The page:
Intraneural injection with nerve injury .✯✯
    Anaesthetising the phrenic nerve will result in impaired respiratory function
    and anaesthetising the sympathetic chain will result in Horner syndrome.✯
    Total spinal or epidural spread of anaesthetic.✯✯
    Local anaesthetic toxicity.✯✯
    Allergic reactions.✯
  20. samuel

    samuel New Member

    Mature cells are descendants of pluripotent hematopoietic stem cells. Two major cell lineages are formed. What two are they and what do they give rise to?
    Lymphoid and Myeloid lineages; Lymphoid -->B and T lymphocytes; Myeloid --> erythrocytes, megakaryocytes, neutrophils, monocytes, eosinophils, basophils.

    Most growth factors (ie interluekins) are produced in the bone marrow. Which one is the exception and where is it formed?
    Erythropoeitin, Kidney

    This cell has an average life span of 120 days, biconcave disk shape, thin center.
    Red Cell

    RBC formation is stimulated by ________ which is produced in the kidney.

    RBC formation requires these three specific nutrients.
    Iron, Folic Acid, Vitamin B12

    This accounts for 90% of the dry weight of the RBC.
  21. samuel

    samuel New Member

    Adult hemoglobin has __ globin peptides, __ alpha and __ beta.
    4; 2; 2

    Which portion of hemoglobin is the binding portion?
    Heme portion

    Iron deficiency anemia is characterized by _______________.
    Low hemoglobin values

    What part of filtered hemoglobin is converted into blirubin?
    Pyrrole Rings

    When is excreted in the it is called _________ when it is exctreted in the feces it is called ___________.
    urobilinogen; stercobilinogen
  22. samuel

    samuel New Member

    Iron is a component of the _______ moiety of hemoglobin.

    Iron is absorbed in the intestine in the ______ form.

    Iron is absorbed via a receptor mechanism in its _______ form.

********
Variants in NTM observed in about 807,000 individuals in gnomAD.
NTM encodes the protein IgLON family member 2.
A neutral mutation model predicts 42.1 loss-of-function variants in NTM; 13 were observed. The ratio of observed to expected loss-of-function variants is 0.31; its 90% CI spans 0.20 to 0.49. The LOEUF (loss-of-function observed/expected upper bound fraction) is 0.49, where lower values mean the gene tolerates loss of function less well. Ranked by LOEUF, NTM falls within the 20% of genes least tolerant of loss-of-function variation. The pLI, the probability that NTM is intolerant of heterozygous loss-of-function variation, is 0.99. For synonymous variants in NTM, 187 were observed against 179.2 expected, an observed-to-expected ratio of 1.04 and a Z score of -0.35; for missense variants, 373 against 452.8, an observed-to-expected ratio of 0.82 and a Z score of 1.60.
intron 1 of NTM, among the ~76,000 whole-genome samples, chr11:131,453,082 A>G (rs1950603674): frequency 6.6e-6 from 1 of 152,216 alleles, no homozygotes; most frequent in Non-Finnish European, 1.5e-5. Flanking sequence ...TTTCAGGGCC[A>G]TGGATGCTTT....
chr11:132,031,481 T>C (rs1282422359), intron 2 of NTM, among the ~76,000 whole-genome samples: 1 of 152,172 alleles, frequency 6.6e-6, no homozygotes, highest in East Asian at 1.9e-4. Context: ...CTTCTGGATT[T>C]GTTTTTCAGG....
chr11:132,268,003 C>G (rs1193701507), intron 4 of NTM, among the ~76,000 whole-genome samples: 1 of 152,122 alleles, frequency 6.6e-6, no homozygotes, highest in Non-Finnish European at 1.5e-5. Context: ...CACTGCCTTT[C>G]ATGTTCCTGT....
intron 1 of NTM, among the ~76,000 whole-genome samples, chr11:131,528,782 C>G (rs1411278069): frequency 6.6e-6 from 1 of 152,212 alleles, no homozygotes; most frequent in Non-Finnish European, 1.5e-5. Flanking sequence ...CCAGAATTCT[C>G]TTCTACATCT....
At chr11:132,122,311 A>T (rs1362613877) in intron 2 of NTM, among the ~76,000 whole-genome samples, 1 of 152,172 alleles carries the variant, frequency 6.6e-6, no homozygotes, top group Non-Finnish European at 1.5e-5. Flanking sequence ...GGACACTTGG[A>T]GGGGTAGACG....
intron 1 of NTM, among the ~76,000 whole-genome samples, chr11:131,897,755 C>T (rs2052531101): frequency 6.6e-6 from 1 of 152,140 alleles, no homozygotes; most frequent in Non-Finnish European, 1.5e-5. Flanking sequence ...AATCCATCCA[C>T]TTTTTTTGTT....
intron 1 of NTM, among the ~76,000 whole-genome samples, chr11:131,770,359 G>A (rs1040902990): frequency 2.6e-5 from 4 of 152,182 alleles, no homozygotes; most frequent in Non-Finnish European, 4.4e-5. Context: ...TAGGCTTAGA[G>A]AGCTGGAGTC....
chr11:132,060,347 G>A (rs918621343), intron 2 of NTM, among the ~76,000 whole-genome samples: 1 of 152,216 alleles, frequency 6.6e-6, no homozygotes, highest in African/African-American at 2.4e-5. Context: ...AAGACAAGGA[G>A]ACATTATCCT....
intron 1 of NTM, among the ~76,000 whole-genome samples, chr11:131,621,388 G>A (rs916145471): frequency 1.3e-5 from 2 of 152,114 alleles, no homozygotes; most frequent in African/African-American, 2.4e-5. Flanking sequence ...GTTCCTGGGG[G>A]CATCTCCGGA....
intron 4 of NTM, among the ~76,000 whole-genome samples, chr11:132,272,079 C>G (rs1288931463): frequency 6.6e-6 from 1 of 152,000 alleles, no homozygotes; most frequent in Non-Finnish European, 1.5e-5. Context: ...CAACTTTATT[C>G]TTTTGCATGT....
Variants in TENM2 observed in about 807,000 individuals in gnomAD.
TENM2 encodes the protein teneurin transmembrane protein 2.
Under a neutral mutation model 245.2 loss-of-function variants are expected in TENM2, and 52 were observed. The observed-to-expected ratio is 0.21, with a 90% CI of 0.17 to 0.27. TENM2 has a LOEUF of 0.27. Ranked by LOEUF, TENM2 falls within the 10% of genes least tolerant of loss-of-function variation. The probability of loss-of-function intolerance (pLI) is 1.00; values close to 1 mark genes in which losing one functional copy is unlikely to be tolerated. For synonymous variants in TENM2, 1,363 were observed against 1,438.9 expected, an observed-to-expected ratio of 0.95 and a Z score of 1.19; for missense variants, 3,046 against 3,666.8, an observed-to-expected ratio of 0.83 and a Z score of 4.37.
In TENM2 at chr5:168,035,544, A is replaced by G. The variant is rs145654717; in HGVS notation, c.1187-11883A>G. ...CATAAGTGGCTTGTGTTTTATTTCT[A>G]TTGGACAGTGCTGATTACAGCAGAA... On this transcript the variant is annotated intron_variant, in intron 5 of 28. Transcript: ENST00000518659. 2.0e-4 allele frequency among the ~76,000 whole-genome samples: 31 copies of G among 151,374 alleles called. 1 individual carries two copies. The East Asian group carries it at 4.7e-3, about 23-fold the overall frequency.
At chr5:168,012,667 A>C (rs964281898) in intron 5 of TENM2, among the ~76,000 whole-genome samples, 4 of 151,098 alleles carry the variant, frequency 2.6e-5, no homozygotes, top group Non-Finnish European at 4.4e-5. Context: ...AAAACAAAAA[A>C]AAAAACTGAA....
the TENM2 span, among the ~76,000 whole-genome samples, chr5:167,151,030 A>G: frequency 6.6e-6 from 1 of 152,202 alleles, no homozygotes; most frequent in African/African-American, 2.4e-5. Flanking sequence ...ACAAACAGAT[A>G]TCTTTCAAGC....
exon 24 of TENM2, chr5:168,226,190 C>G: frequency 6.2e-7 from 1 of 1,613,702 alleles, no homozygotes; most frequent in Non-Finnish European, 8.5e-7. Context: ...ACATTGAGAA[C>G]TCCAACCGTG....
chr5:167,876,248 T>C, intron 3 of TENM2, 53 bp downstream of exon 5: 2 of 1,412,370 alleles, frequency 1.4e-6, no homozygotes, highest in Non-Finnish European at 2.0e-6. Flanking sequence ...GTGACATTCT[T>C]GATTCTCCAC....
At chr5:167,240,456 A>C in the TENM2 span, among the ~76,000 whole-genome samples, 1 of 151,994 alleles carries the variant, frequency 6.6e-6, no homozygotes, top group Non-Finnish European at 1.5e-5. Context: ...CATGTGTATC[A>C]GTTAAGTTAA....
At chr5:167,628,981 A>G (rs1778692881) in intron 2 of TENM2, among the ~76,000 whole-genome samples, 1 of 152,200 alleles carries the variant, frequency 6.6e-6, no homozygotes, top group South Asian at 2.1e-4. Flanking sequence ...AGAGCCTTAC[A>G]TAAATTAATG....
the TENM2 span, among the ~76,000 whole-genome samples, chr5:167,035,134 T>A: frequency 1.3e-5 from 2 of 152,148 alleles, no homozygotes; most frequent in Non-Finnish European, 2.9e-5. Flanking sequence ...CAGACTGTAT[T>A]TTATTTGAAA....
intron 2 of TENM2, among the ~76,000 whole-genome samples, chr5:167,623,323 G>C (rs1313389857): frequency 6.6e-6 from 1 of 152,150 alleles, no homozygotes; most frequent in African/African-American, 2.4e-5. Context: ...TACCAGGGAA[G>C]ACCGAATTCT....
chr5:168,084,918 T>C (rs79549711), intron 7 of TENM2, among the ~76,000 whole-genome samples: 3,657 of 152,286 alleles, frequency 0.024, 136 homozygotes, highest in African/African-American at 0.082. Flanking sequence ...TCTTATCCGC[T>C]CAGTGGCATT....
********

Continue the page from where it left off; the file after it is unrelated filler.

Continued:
What enzyme transports iron?

    What molecule stores iron?

    What form is iron stored as in the spleen, liver, and bone marrow?

    60-80% of total body iron is stored in circulating red cells, the rest is bound to __________ and is stored as __________.
    ferritin; hemosiderin

    T or F: most of the iron released from destroyed red cells (in the spleen) is lost.
    False; most is reutilized
  23. samuel

    samuel New Member

    decrease # of platelets

    decrease # of neutrophils

    Decrease # of leukocytes

    decrease in all elements

    A reduction in Hb content in
  24. samuel

    samuel New Member

    This RBC disease is characterized by somnolence (inadequate brain O2), fatigue (inadequate O2), and paleness of skin

    This type of anemia characterized by RBC's with normal color and size; could occur due to massive loss.
    normocytic, normochromic anemia

    This type of anemia characterized by small pale RBC's; could occur due to iron deficiency or thalassemaias.
    Microcytic, hypochromic anemia

    This type of anemia characterized by large, normal color RBC's; could occur due to Vitamin B12, folic acid deficiency
    macrocytic, normochromic anemia

    This type of anemia characterized by it's shape (poikilocytosis).
    sickle cell anemia

    variation in SIZE of RBC's

    Two types of aplastic anemia.
    Idiopathic, Secondary

    The prognosis for idiopathic aplastic anemia compared to secondary aplastic anemia is __________.
    poorer (a word?)

    This type of anemia is a generalized bone marrow failure (pancytopenia) and is usually accompanied by leukopenia and thrombocytopenia.
    Aplastic anemia

    The symptoms of this anemia are uncontrollable infections (leukopenia) and a bleeding tendency (thrombocytopenia).
    Aplastic anemia

    What is the only treatment for idiopathic aplastic anemia?
    Bone marrow translplant

    T or F: it is necessary to use Ab prophy for those with aplastic anemia.

    The causes of this disease are: metastatic carcinomas, diseminated granulomatous diseases, lymphomas, and other rare diseases (like gaucher's)
    Myelophthisic anemia (aka replacement of marrow by neoplastic cells)

    Inc. bleeding, Inc. infections and presence of a neoplastic population in bone marrow are characteristic of what disease.
    Myelophthisic anemia (aka replacement of marrow by neoplastic cells)

    What is the most common cause of anemia?
    Iron deficiency anemia

    The oral findings of this disease are pallor of soft palate, tongue, sublingual; atrophic tongue, glossodynia (buring sensation)
    Iron deficiency anemia

    This type of anemia: depletion of body iron stores, impaired hemoglobin synthesis
    Iron deficiency anemia

    In iron deficiency anemia the lab shows RBC's to be _________ and contain less ___________
    small; hemoglobin (microcytic, hypochromic)

    T or F: dental pts w/ Iron deficiency anemia usually require treatment modifications.